The Security Legislation Amendment (Terrorism) Bill 2002 (The Terrorism Bill)

The Terrorism Bill introduces a number of new offences for terrorist related activities that are not caught by existing legislation.

It has been prepared in response to the changed security environment since September 11.

September 11 is a stark example of the horror and devastation that can be caused by acts of terrorism.

Terrorism has the potential to destroy lives, devastate communities and threaten the national and global economy.

For these reasons this Government has re-affirmed its commitment to combating terrorism in all its forms.

We join with the international community in condemning the 11 September attacks and other terrorist activities.

Other like minded countries have passed, or are in the process of passing, anti-terrorism legislation designed to assist in this fight.

Consequently, counter-terrorism legislation and proposals throughout the world have been considered in the preparation of this Bill.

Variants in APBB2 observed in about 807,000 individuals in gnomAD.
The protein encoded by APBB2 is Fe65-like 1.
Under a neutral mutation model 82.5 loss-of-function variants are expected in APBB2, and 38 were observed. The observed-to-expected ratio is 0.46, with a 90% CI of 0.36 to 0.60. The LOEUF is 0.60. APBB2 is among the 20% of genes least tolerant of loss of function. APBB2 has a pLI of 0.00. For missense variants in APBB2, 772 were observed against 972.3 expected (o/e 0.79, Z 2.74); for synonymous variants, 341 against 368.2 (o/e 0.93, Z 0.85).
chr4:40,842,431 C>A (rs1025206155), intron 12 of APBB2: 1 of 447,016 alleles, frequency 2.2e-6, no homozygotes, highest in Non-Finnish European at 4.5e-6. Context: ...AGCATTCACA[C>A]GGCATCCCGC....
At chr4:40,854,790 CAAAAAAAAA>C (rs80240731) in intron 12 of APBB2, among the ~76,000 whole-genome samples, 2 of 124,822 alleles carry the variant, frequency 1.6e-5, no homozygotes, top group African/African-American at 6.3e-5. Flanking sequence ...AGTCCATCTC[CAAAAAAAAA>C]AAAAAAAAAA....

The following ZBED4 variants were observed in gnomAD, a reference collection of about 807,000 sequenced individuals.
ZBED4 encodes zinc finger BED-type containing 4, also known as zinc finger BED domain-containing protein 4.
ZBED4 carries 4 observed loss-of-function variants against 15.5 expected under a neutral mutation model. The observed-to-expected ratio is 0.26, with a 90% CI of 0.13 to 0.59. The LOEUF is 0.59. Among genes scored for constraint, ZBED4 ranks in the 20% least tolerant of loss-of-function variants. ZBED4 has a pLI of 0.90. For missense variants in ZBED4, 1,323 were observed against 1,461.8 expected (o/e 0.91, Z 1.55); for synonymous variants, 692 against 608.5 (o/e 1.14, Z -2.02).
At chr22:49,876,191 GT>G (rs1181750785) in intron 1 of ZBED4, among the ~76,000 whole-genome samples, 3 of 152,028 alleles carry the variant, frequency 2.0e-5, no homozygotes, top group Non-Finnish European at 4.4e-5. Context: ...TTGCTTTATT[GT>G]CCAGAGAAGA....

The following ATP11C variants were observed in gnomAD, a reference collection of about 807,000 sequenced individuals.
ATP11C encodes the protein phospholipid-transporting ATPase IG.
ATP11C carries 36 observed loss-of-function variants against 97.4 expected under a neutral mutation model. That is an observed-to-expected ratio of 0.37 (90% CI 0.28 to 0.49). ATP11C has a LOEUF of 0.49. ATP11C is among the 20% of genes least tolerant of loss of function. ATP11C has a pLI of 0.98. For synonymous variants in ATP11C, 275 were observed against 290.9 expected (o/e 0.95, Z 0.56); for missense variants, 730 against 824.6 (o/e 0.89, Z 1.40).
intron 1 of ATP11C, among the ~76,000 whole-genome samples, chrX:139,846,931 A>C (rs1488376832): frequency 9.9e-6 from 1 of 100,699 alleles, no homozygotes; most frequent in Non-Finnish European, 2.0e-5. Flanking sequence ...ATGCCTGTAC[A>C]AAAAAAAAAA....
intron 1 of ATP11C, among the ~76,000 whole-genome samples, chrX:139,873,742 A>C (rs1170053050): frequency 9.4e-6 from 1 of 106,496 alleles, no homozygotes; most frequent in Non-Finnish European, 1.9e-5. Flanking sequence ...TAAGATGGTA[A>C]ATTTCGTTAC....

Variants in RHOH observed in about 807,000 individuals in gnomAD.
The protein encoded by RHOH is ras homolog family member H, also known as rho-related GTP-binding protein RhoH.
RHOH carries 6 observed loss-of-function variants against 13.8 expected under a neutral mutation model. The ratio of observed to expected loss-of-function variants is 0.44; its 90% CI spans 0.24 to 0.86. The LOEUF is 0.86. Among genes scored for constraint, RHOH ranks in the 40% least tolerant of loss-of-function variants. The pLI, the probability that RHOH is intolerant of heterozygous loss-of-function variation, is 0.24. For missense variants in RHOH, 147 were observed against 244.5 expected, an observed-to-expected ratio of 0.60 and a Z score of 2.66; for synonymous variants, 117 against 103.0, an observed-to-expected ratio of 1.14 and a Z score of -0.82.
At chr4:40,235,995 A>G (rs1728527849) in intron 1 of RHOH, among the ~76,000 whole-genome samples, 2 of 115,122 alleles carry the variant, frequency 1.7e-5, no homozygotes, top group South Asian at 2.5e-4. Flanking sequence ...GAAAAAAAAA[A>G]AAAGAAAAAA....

Terrorism offences

Schedule 1 to the Bill will establish a new general offence of engaging in a terrorist act.

Various related offences, such as providing or receiving training for terrorist acts, directing organisations concerned with terrorist acts, and possessing things connected with terrorist acts, are also included in the Bill.

All terrorism offences will carry a maximum penalty of life imprisonment.

`Terrorist act' is defined to mean a politically, religiously or ideologically motivated act that involves serious harm to a person, serious damage to property, endangering a person's life, creating a serious health or public safety risk or seriously interfering with an electronic system.

This definition is intended to capture such acts as suicide bombings, chemical or biological attacks, threats of violence and attacks on infrastructure.

To reflect the severity of these offences, they will attract a maximum penalty of life imprisonment.

At the same time, this Bill protects the existing rights of law-abiding Australians.

The Bill makes it clear that a terrorist attack does not include lawful advocacy, protest, dissent or industrial action.

Treason Provisions

Schedule 1 to the Bill contains a new treason offence to replace the existing treason offence in section 24 of the Crimes Act 1914.

This will be inserted in the Criminal Code Act 1995.

The new provision modernises the wording of the treason offence and removes gender-based limitations.